Saturday, November 17, 2007

Boomers Ruling the Old World or Helping to Raise Up a New One

Being a Baby boomer looking for a new paradigm shift means trying to understand where the changes in the world are arising. It is young who create the new paradigms. The old more often than not just recycle the old ones. There does though often seem to be a connection possible between old and young, more often than we acknowledge. More importantly, there are questions being asked and challenges to boomer paradigms that need to be pondered. The personnel paradigm change is accepting that one's old paradigms don't necessarily fit in the world anymore while at the same time not surrendering those that define one's ethics and spiritual foundation. Whether we are old or young the question below applies to many of us today.

The Gig Money v. meaningful work, the battle continues «
Many asked, though, how they could keep their Yers engaged — and frankly, coming to work — in the face of huge salaries from big corporations trying to poach them. The plans they work on have a huge impact on people’s lives, another attendee said, but is that enough for Yers? I’m inclined to say that, yes, along with lots of exposure to higher-ups’ passion, Yers will choose high-impact jobs like these over high-paying, but perhaps less rewarding, ones. (Leaving aside, of course, debt. The average college grad with loans has more than $19,000 to pay back, so s/he may have to choose salary in the short term.)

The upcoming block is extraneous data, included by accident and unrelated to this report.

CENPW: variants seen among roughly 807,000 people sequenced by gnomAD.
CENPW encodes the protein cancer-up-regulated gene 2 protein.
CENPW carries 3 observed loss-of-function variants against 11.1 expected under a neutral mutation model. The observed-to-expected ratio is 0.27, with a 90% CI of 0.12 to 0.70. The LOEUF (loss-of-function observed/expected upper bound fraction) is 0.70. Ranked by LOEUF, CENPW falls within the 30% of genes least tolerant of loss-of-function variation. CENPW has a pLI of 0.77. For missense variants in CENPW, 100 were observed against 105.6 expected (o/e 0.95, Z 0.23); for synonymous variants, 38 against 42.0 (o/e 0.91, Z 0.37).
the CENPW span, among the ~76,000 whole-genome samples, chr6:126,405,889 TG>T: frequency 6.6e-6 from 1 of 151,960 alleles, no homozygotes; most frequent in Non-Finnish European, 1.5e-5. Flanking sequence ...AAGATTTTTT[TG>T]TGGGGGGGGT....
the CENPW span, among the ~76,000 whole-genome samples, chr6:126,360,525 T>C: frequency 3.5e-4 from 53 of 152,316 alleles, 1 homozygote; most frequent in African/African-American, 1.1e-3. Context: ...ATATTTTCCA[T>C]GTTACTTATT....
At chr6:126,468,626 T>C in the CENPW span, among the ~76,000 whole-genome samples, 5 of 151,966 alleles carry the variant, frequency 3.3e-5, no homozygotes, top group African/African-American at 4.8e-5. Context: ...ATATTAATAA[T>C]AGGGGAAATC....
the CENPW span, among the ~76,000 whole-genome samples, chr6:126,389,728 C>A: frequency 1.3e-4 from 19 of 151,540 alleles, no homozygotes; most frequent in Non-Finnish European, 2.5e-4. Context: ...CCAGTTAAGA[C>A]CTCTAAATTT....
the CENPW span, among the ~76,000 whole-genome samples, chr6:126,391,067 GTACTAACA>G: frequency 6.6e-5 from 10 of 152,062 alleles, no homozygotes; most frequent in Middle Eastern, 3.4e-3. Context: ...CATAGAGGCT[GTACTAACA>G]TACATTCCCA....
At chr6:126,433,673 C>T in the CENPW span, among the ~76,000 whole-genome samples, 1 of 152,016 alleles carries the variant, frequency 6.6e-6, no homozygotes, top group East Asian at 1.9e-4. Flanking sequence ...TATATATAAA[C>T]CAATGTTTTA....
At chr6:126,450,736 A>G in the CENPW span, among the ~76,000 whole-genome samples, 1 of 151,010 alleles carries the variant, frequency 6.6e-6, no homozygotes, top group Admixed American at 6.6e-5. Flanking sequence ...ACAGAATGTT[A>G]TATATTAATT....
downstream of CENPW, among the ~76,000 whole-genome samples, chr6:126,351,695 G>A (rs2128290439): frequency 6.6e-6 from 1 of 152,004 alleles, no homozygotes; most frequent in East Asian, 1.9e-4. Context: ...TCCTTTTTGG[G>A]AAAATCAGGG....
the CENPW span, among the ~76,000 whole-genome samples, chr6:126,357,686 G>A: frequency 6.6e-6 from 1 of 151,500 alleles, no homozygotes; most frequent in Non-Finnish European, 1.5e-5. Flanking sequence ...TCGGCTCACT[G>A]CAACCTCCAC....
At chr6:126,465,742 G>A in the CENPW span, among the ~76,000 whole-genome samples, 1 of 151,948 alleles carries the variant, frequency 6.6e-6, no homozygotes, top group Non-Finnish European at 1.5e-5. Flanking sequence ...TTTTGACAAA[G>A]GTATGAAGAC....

But I think the key is seeing the dedication of senior staffers. As psyched as these Boomers were about their work, I couldn’t imagine any Yer I know not finding it a little infectious. This seems to be borne out in the research, which Tamara Erickson — one of our recurring Gig experts and president of the Concours Institute — says shows that Yers value expertise above all else, including authority. Meaning that, a lot of the time, we’ll take the old guy with great stories and good advice over the younger one with a big title. So for those senior folks in the public sector or nonprofit world, retaining their Yers may just be a matter of sharing a few tales about the lives they’ve changed.

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